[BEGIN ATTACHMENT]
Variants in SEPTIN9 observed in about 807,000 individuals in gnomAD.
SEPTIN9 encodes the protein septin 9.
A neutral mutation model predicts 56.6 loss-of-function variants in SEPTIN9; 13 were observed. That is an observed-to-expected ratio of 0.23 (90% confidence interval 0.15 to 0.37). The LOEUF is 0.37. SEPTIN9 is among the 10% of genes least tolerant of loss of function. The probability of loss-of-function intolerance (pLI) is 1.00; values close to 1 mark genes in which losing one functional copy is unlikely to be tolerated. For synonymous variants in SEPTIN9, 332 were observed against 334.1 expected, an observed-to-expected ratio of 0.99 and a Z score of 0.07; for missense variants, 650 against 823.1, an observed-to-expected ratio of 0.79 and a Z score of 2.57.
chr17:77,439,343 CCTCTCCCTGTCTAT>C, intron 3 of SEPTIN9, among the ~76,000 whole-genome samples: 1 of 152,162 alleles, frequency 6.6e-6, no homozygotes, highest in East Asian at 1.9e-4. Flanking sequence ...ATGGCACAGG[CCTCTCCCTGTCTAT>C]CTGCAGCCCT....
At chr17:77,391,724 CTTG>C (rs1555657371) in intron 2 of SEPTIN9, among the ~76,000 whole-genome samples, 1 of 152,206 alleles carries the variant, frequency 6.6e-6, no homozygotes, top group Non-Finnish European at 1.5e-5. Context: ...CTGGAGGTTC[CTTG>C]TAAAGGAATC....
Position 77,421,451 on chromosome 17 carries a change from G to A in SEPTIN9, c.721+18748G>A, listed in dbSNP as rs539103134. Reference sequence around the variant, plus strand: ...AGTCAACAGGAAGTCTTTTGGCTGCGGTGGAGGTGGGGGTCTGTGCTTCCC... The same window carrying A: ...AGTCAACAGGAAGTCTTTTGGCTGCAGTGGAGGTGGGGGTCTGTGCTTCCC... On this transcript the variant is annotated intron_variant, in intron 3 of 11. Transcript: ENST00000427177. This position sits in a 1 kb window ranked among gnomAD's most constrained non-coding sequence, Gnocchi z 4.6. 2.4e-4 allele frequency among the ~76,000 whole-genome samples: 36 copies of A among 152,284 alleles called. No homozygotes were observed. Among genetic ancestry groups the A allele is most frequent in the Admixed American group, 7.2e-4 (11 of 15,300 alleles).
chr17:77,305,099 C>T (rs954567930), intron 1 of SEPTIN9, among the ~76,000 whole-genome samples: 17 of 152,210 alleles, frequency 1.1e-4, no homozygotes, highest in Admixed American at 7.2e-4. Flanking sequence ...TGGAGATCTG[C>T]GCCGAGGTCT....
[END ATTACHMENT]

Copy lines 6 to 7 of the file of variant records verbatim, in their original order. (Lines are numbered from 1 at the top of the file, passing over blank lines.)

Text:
Position 77,421,451 on chromosome 17 carries a change from G to A in SEPTIN9, c.721+18748G>A, listed in dbSNP as rs539103134. Reference sequence around the variant, plus strand: ...AGTCAACAGGAAGTCTTTTGGCTGCGGTGGAGGTGGGGGTCTGTGCTTCCC... The same window carrying A: ...AGTCAACAGGAAGTCTTTTGGCTGCAGTGGAGGTGGGGGTCTGTGCTTCCC... On this transcript the variant is annotated intron_variant, in intron 3 of 11. Transcript: ENST00000427177. This position sits in a 1 kb window ranked among gnomAD's most constrained non-coding sequence, Gnocchi z 4.6. 2.4e-4 allele frequency among the ~76,000 whole-genome samples: 36 copies of A among 152,284 alleles called. No homozygotes were observed. Among genetic ancestry groups the A allele is most frequent in the Admixed American group, 7.2e-4 (11 of 15,300 alleles).
chr17:77,305,099 C>T (rs954567930), intron 1 of SEPTIN9, among the ~76,000 whole-genome samples: 17 of 152,210 alleles, frequency 1.1e-4, no homozygotes, highest in Admixed American at 7.2e-4. Flanking sequence ...TGGAGATCTG[C>T]GCCGAGGTCT....